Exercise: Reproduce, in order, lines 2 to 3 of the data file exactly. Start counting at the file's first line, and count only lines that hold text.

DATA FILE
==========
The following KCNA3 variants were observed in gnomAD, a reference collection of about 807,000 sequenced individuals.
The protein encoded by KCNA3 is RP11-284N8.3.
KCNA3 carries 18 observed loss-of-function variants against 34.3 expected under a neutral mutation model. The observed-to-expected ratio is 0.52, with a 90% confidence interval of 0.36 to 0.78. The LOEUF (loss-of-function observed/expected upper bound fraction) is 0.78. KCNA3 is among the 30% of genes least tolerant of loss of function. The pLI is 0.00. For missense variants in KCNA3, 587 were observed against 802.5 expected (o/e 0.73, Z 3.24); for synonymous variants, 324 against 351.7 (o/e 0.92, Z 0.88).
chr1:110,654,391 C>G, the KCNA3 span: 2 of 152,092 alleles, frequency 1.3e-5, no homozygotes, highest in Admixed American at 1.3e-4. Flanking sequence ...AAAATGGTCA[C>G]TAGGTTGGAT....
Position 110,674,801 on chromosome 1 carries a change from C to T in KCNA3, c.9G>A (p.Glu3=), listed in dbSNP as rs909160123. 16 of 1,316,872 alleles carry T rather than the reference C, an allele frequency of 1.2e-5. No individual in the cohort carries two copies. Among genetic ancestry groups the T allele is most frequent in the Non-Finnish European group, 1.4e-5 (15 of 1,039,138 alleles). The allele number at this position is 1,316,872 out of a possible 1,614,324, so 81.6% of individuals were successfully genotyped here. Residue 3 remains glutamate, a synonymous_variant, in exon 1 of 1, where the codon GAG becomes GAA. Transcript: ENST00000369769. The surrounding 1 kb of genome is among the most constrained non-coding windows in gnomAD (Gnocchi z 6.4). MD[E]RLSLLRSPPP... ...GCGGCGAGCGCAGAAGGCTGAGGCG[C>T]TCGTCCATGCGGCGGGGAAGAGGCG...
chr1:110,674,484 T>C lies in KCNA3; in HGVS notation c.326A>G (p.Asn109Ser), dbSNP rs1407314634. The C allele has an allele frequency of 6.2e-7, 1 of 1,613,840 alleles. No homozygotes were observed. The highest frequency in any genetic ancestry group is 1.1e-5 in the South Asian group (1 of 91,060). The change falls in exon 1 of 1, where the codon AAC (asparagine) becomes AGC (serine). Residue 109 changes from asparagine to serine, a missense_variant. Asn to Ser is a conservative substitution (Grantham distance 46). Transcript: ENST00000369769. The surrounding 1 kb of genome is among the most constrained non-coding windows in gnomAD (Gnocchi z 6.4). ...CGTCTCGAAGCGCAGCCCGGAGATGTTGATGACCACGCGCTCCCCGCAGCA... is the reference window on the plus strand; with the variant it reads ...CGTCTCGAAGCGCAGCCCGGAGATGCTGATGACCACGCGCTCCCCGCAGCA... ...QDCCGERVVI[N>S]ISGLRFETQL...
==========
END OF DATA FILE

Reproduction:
The protein encoded by KCNA3 is RP11-284N8.3.
KCNA3 carries 18 observed loss-of-function variants against 34.3 expected under a neutral mutation model. The observed-to-expected ratio is 0.52, with a 90% confidence interval of 0.36 to 0.78. The LOEUF (loss-of-function observed/expected upper bound fraction) is 0.78. KCNA3 is among the 30% of genes least tolerant of loss of function. The pLI is 0.00. For missense variants in KCNA3, 587 were observed against 802.5 expected (o/e 0.73, Z 3.24); for synonymous variants, 324 against 351.7 (o/e 0.92, Z 0.88).